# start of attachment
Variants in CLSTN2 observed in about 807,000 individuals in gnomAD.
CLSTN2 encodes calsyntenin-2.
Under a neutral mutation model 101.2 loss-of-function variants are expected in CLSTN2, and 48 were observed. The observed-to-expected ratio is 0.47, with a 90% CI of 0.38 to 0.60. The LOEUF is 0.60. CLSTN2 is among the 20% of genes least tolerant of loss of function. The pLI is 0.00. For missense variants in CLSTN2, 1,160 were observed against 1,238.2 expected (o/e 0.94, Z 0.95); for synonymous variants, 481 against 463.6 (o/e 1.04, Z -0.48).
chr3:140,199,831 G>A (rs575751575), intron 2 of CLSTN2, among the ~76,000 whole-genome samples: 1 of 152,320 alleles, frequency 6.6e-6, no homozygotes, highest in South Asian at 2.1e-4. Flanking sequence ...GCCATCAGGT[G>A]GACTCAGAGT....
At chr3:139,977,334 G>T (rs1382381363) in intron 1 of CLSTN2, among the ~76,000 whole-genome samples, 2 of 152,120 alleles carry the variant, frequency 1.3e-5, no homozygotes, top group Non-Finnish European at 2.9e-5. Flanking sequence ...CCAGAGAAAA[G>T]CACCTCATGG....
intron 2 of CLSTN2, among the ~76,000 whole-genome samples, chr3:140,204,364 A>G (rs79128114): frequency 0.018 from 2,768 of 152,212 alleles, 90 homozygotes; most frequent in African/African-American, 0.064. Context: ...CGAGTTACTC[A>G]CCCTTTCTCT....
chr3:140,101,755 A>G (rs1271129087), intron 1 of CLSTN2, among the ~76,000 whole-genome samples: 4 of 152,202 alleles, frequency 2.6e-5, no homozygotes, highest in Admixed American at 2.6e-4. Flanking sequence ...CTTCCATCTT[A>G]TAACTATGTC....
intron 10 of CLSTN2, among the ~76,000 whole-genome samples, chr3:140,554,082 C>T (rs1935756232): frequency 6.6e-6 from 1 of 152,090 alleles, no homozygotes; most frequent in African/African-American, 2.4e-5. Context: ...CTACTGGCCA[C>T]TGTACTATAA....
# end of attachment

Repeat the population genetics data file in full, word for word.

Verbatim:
Variants in CLSTN2 observed in about 807,000 individuals in gnomAD.
CLSTN2 encodes calsyntenin-2.
Under a neutral mutation model 101.2 loss-of-function variants are expected in CLSTN2, and 48 were observed. The observed-to-expected ratio is 0.47, with a 90% CI of 0.38 to 0.60. The LOEUF is 0.60. CLSTN2 is among the 20% of genes least tolerant of loss of function. The pLI is 0.00. For missense variants in CLSTN2, 1,160 were observed against 1,238.2 expected (o/e 0.94, Z 0.95); for synonymous variants, 481 against 463.6 (o/e 1.04, Z -0.48).
chr3:140,199,831 G>A (rs575751575), intron 2 of CLSTN2, among the ~76,000 whole-genome samples: 1 of 152,320 alleles, frequency 6.6e-6, no homozygotes, highest in South Asian at 2.1e-4. Flanking sequence ...GCCATCAGGT[G>A]GACTCAGAGT....
At chr3:139,977,334 G>T (rs1382381363) in intron 1 of CLSTN2, among the ~76,000 whole-genome samples, 2 of 152,120 alleles carry the variant, frequency 1.3e-5, no homozygotes, top group Non-Finnish European at 2.9e-5. Flanking sequence ...CCAGAGAAAA[G>T]CACCTCATGG....
intron 2 of CLSTN2, among the ~76,000 whole-genome samples, chr3:140,204,364 A>G (rs79128114): frequency 0.018 from 2,768 of 152,212 alleles, 90 homozygotes; most frequent in African/African-American, 0.064. Context: ...CGAGTTACTC[A>G]CCCTTTCTCT....
chr3:140,101,755 A>G (rs1271129087), intron 1 of CLSTN2, among the ~76,000 whole-genome samples: 4 of 152,202 alleles, frequency 2.6e-5, no homozygotes, highest in Admixed American at 2.6e-4. Flanking sequence ...CTTCCATCTT[A>G]TAACTATGTC....
intron 10 of CLSTN2, among the ~76,000 whole-genome samples, chr3:140,554,082 C>T (rs1935756232): frequency 6.6e-6 from 1 of 152,090 alleles, no homozygotes; most frequent in African/African-American, 2.4e-5. Context: ...CTACTGGCCA[C>T]TGTACTATAA....